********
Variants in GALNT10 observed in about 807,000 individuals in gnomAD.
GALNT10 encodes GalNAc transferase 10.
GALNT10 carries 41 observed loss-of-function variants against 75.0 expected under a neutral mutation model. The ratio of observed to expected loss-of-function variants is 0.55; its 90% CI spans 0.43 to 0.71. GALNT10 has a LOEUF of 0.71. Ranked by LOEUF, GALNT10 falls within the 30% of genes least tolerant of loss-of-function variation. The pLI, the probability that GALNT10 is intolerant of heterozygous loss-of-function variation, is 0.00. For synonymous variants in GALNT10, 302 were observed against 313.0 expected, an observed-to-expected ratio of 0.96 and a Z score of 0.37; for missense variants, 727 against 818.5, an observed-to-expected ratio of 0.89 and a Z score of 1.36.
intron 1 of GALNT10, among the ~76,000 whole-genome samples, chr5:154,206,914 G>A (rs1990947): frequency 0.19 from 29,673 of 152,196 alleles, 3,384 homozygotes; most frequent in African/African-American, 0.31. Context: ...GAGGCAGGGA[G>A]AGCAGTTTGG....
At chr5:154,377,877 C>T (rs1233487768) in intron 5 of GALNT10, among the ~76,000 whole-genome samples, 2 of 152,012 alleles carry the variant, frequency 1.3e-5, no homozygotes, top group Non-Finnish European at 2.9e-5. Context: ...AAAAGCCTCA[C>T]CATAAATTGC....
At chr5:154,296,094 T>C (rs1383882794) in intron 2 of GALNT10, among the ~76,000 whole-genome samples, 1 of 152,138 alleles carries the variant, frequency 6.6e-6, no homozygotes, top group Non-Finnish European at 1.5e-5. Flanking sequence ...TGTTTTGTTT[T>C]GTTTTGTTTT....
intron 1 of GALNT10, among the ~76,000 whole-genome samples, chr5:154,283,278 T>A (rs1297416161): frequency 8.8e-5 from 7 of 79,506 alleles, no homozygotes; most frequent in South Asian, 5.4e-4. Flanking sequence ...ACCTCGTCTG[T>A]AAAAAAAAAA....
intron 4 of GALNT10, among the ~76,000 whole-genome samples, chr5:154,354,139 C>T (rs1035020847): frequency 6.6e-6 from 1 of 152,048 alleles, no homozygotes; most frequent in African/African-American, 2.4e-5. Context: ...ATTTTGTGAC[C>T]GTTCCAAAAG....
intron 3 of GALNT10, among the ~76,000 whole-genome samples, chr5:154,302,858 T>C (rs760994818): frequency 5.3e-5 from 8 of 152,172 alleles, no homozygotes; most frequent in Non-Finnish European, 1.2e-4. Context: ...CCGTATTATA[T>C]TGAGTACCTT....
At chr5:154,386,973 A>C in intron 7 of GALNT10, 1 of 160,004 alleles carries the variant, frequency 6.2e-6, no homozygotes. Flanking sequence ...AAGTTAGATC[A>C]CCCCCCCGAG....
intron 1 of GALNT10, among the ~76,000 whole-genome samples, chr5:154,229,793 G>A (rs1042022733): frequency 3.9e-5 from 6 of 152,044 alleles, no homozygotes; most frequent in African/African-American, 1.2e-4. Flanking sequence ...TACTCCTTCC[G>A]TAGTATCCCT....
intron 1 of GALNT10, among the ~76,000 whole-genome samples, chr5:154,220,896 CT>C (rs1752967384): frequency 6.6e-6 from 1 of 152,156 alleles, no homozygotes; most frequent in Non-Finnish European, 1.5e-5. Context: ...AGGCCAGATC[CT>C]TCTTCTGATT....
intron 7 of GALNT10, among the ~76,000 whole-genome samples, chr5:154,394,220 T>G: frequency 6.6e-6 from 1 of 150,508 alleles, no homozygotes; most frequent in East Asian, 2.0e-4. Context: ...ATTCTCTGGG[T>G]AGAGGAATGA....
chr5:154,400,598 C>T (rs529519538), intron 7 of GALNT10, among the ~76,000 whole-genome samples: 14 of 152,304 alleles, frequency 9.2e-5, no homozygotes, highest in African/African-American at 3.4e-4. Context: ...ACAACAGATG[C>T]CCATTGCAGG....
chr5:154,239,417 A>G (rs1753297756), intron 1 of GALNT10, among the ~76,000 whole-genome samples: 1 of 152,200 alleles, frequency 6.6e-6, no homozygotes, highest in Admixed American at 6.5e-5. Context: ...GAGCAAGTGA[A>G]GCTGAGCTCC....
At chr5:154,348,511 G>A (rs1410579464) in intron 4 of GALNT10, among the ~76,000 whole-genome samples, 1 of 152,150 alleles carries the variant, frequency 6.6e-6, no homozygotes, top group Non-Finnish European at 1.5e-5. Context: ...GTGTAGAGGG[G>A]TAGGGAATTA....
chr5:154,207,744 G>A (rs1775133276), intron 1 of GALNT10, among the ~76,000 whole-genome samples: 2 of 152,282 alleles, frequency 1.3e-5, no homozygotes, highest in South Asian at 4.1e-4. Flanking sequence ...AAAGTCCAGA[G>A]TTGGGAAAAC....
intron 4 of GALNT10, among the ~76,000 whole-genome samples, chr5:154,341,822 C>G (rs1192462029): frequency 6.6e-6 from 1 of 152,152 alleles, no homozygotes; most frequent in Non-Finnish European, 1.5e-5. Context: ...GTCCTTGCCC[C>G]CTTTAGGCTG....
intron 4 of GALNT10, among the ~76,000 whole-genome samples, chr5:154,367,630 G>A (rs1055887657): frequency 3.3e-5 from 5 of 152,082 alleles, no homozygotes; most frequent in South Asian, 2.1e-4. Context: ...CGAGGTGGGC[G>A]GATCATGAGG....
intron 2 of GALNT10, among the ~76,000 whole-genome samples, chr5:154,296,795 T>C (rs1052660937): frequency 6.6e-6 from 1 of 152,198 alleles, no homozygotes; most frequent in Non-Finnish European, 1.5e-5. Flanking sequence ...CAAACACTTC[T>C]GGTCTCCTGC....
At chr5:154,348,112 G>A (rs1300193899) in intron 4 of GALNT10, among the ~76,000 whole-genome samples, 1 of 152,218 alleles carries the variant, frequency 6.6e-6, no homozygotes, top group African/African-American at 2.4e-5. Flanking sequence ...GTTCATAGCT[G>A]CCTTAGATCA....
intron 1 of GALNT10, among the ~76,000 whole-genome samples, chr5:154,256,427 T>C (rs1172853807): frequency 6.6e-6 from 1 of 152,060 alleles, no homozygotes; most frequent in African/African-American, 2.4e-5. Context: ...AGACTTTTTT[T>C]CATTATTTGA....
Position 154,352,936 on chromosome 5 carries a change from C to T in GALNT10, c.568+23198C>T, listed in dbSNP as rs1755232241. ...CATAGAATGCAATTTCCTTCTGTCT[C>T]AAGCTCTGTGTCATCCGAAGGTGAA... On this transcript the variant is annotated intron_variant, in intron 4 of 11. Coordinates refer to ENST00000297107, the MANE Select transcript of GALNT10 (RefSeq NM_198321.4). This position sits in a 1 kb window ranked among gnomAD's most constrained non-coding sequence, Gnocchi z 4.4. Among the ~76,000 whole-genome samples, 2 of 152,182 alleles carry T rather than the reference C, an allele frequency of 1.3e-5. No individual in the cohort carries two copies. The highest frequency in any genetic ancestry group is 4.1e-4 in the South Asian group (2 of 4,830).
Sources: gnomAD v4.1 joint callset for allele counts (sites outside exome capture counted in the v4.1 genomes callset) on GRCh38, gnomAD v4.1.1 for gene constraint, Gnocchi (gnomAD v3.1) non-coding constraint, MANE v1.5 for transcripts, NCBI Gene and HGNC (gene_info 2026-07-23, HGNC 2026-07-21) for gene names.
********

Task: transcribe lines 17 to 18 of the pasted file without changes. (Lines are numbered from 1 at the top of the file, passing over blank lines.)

chr5:154,207,744 G>A (rs1775133276), intron 1 of GALNT10, among the ~76,000 whole-genome samples: 2 of 152,282 alleles, frequency 1.3e-5, no homozygotes, highest in South Asian at 4.1e-4. Flanking sequence ...AAAGTCCAGA[G>A]TTGGGAAAAC....
intron 4 of GALNT10, among the ~76,000 whole-genome samples, chr5:154,341,822 C>G (rs1192462029): frequency 6.6e-6 from 1 of 152,152 alleles, no homozygotes; most frequent in Non-Finnish European, 1.5e-5. Context: ...GTCCTTGCCC[C>G]CTTTAGGCTG....